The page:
But Russia has released no scientific data on its vaccine testing therefore unable to verify its claimed safety or effectiveness. Critics say the country’s push for a vaccine comes amid political pressure from the Kremlin, which is keen to portray Russia as a global scientific force.
There are also wide concerns the human testing of the vaccine is incomplete.
Dozens of vaccine trials are underway around the world and a small number are in large-scale efficacy trials, but most developers have cautioned that much work remains before their vaccines can be approved.
While some global vaccines are in the third phase of trials, the Russian vaccine is yet to complete its second phase. Developers plan to complete that phase by August 3, and then conduct the third phase of testing in parallel with the vaccination of the medical workers.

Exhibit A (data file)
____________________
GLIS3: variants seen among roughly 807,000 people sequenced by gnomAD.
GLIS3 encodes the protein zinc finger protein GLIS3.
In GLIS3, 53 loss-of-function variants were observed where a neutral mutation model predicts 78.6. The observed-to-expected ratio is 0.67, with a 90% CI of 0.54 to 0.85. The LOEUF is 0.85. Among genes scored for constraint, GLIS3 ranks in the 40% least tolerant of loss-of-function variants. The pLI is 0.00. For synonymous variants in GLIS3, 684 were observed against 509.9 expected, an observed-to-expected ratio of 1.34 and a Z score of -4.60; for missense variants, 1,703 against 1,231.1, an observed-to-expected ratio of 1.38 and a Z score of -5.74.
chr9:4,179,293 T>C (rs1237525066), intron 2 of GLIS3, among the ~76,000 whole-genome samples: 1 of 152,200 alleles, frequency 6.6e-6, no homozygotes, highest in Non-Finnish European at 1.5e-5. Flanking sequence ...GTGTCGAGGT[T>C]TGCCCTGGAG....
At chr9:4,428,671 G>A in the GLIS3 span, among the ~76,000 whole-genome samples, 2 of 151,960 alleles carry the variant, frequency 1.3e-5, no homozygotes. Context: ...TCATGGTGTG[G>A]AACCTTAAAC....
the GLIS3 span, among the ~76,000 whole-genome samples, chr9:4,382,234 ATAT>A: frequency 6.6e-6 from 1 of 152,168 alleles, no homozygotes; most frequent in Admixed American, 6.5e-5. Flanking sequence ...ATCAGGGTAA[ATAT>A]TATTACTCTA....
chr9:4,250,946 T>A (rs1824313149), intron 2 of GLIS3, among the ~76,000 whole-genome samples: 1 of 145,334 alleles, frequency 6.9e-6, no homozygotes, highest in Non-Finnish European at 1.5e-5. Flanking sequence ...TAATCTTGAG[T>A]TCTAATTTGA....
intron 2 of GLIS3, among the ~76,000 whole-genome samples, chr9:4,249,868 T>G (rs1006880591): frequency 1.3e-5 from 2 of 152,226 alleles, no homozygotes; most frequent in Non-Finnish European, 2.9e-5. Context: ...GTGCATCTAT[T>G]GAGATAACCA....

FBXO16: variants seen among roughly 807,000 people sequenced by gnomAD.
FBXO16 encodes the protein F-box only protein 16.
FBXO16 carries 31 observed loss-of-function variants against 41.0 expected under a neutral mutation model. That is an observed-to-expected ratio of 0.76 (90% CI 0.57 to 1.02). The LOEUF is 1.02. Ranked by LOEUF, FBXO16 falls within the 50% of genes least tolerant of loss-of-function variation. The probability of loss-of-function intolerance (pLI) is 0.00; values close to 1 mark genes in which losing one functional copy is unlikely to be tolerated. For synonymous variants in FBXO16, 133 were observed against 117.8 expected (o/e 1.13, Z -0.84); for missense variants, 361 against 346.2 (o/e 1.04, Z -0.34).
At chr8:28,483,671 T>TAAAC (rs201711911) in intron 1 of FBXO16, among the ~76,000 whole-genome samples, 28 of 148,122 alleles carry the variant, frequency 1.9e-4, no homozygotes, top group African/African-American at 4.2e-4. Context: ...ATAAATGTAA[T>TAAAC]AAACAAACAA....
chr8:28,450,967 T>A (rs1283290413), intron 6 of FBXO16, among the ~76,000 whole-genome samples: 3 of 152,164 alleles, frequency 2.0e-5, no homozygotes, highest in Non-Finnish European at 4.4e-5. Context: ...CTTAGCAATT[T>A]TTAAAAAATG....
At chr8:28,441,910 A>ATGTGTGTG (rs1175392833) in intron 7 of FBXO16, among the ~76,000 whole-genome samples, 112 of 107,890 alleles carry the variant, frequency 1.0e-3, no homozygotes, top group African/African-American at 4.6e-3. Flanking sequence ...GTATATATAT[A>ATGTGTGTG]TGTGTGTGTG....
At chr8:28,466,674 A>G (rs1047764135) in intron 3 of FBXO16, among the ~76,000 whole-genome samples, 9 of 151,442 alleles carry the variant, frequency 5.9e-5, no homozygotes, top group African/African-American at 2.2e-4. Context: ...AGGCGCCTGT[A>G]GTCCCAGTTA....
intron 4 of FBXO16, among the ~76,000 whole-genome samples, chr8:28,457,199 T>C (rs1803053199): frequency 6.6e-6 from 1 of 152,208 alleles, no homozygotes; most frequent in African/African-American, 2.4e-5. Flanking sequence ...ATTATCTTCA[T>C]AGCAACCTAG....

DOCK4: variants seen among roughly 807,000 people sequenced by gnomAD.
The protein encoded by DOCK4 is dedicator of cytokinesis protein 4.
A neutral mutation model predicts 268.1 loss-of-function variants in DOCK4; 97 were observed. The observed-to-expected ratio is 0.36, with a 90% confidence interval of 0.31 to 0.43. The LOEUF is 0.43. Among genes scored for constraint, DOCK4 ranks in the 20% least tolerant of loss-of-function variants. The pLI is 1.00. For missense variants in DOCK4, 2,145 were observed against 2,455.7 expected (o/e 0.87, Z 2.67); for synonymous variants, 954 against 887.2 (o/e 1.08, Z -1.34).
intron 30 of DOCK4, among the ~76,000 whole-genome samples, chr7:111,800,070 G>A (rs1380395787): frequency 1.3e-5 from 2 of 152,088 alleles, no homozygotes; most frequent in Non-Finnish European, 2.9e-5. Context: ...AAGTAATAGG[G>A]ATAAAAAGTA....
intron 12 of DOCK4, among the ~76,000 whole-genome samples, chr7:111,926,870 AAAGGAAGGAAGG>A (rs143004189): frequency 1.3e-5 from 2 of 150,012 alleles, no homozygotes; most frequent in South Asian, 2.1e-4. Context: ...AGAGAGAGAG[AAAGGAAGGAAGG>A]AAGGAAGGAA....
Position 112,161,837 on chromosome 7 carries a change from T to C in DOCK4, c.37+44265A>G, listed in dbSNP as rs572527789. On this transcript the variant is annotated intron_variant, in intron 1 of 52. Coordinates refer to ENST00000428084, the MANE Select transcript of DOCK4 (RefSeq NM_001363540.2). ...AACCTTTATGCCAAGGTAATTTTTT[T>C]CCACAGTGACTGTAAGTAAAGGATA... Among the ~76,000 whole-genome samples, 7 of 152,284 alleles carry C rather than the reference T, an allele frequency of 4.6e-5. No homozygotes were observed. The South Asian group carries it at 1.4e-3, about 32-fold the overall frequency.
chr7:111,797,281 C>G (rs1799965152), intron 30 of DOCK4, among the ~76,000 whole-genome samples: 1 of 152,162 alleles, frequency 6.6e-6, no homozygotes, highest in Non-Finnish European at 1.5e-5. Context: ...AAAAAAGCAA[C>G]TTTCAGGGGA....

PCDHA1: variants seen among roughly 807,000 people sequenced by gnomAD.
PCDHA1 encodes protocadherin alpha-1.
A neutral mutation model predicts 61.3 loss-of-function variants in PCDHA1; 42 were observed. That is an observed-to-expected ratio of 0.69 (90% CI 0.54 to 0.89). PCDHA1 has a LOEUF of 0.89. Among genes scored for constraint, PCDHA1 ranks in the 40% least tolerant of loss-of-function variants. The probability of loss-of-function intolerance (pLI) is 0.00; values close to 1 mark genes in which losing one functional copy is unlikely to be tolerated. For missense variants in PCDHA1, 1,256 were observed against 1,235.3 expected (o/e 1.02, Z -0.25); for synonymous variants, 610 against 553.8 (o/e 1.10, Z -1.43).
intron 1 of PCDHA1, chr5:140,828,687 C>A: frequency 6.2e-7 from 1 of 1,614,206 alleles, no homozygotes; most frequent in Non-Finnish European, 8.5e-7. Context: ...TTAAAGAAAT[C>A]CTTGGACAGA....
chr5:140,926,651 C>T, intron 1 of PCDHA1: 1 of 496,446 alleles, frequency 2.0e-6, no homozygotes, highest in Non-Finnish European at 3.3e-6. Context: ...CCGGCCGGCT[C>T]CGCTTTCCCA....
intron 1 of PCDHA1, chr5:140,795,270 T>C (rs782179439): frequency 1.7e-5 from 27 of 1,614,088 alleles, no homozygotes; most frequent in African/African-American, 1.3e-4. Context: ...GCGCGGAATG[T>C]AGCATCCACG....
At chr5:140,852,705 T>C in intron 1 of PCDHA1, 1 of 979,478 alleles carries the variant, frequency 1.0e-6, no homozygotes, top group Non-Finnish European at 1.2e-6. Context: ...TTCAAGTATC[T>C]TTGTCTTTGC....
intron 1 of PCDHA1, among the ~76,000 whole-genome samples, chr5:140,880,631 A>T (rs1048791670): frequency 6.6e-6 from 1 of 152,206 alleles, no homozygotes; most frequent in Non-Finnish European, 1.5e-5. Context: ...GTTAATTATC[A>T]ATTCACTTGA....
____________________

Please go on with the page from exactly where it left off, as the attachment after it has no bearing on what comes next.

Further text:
Russians scientists say the vaccine has been quick to develop because it is a modified version of one already created to fight against other diseases. That’s the approach being taken in many other countries and by other companies.
Notably, Moderna, whose vaccine is being backed by the U.S. government and which started Phase 3 testing Monday, has built its coronavirus vaccine on the backbone of a vaccine it had been developing for a related virus, MERS. While this has sped the development process, US and European regulators are requiring the full complement of safety and efficacy tests for the vaccine.
Russia’s defense ministry says that Russian soldiers served as volunteers in human trials.